A camera obscura pilgrimage

Writer and photography / Nancy Breslin

A pinhole photographer arranged part of her holiday around the chance to be inside a giant camera.

I just returned from a two week trip to the UK.  Most of the time was spent visiting family (we saw over 30 relatives in five cities), but on the way from Cambridge (12 relatives) to Ayr (3 more) we decided to spend a day in Edinburgh.  It is a beautiful city known for many cultural offerings, but the main draw for me was the Camera Obscura.  While this device does feature lenses, the experience is much like being in a giant pinhole camera.  Installed in a tower in central Edinburgh in the 1850’s, this camera obscura consists of a series of lenses and mirrors that project the surrounding area onto a large white surface in the middle of a darkened room.  A staff member can redirect the view so one sees, in color and great detail, everything around, from church spires to people walking on the street below.  I have been inside a pinhole camera before, but it typically takes a long time for my eyes to adjust enough for the image to appear and I never see much color (our monochrome-perceiving retinal rods are much more sensitive in low light, compared to the color-perceiving cones).  This, on the other hand, was a clear and colorful image. It was worth climbing five flights of stairs to see.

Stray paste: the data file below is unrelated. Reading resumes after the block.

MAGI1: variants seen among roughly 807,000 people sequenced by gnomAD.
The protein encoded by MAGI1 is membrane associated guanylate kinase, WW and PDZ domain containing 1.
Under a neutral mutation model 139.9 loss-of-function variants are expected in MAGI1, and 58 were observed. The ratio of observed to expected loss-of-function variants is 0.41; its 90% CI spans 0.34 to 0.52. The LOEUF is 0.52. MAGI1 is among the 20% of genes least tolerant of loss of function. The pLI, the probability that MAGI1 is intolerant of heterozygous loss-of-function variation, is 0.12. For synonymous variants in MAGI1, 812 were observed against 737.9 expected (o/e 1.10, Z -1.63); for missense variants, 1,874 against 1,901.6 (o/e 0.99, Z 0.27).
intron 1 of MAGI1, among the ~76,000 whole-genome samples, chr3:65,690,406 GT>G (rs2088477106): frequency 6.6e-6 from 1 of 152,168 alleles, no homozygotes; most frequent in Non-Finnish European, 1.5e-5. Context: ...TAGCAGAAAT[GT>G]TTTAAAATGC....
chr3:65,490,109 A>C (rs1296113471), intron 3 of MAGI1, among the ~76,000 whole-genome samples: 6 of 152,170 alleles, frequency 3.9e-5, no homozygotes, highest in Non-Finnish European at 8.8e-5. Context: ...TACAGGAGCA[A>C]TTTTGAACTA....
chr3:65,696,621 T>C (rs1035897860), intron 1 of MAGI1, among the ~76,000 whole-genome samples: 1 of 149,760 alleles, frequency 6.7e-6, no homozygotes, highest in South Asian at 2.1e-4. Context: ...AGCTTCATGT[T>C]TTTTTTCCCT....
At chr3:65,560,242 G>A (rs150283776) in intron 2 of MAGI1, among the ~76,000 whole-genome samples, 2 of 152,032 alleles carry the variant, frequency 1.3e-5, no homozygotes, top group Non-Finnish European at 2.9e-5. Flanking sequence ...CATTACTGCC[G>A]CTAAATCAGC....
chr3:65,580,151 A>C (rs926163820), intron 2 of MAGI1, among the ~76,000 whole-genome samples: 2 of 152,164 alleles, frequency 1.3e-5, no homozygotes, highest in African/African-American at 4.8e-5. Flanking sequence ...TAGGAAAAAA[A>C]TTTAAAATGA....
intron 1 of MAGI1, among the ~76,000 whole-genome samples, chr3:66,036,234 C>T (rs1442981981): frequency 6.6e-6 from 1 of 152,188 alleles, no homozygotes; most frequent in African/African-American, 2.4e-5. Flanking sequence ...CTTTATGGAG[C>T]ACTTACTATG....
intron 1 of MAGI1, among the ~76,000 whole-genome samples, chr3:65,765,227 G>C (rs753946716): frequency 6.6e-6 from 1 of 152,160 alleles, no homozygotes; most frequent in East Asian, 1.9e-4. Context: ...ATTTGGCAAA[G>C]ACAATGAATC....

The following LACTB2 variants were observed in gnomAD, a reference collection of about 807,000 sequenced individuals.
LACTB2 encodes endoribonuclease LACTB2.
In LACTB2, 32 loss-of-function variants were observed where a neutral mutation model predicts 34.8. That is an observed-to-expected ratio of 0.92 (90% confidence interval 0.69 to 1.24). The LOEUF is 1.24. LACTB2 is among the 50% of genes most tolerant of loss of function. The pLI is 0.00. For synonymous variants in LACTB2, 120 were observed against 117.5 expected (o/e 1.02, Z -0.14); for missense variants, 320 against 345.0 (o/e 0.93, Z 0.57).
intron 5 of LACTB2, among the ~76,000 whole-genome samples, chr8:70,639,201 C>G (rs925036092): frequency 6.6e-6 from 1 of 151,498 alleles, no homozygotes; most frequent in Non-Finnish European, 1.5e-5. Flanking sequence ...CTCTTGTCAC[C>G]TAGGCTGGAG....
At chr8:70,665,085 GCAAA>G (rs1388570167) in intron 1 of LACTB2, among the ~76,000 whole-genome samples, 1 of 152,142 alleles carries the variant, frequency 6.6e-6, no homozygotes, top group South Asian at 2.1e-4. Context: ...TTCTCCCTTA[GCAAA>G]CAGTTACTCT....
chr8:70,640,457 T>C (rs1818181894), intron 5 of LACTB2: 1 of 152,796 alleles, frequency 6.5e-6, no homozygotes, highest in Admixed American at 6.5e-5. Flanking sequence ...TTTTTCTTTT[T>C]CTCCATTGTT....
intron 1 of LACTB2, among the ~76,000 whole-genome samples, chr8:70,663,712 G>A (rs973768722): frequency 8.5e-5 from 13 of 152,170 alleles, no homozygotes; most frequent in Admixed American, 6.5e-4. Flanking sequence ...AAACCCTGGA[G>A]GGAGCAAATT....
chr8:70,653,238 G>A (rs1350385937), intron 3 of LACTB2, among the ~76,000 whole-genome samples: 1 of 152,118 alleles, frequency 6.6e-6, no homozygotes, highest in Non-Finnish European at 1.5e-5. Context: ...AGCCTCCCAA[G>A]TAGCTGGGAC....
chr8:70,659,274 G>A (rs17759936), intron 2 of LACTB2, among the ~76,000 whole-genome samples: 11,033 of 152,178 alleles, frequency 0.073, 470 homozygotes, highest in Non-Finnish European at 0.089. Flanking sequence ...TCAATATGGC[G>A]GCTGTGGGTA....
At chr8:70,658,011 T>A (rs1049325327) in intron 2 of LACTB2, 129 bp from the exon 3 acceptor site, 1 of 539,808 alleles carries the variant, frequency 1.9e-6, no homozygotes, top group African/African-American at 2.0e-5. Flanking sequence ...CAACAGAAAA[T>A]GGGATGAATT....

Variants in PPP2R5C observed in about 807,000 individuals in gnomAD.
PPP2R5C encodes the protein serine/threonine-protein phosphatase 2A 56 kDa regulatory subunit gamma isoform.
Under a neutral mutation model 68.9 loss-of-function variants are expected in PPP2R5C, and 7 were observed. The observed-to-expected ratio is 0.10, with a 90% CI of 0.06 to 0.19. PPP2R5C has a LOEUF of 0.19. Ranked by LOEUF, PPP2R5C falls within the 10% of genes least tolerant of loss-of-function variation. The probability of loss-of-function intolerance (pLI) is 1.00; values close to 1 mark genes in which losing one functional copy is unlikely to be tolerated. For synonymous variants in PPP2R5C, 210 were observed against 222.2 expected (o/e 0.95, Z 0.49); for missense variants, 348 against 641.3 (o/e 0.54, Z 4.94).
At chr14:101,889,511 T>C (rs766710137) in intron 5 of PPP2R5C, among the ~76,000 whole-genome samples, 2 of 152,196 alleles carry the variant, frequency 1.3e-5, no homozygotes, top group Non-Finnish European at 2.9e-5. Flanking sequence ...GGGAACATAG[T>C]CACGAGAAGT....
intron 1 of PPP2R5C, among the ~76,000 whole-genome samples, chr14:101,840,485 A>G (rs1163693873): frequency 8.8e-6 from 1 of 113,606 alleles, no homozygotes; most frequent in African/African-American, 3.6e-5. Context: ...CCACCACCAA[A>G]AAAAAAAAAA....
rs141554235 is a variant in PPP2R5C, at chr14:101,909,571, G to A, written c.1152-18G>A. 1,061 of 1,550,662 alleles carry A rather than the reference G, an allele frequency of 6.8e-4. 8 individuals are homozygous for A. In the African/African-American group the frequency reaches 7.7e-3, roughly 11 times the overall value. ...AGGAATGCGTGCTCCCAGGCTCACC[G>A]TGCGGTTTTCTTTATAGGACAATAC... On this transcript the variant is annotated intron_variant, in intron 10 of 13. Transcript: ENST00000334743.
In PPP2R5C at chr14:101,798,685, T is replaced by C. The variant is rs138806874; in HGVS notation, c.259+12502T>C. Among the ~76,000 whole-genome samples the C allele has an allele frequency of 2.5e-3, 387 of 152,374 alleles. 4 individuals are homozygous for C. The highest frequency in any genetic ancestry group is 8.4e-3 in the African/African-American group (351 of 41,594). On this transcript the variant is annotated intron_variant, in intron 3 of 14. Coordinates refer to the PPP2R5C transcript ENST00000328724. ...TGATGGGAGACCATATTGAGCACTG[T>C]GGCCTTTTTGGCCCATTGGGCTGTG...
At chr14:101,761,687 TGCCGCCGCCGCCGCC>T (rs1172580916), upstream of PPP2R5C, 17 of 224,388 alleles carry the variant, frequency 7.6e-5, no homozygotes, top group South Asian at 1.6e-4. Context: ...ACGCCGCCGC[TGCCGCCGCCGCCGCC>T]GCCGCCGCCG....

A member of the staff points to a landmark seen in the camera obscura in Edinburgh.
A member of the staff points to a landmark seen in the camera obscura in Edinburgh.

The camera obscura is on the top floor of a building which also features “The World of Illusion,” which looked a bit cheesy in the advertisements but proved to be very interesting, including a collection of holograms, an Ames room, an exhibit on different types of 3-D images, and a show of pinhole photography by Derek Reay.

This is my cue to remind everyone that Sunday (April 28) is Worldwide Pinhole Photography Day.  That day I’ll be giving a talk about my pinhole work at the Delaplaine Visual Arts Education Center in Frederick, Maryland< at 2 pm, and also taking some pictures so I'll have something to submit to the WPPD gallery.  If you have a pinhole camera, pull it out on Sunday and join thousands of people around the world!

1 thought on “A camera obscura pilgrimage”

  1. For those in the US, there is a similar camera obscura at the Griffith Observatory in Los Angeles, up the hill near the Hollywood sign. There is a motorized periscope device on the roof of the building that slowly rotates and projects images of surrounding LA onto a large white tabletop surface in a dark room. The rest of the observatory is worth a visit as well. The vintage telescope is fun to see.

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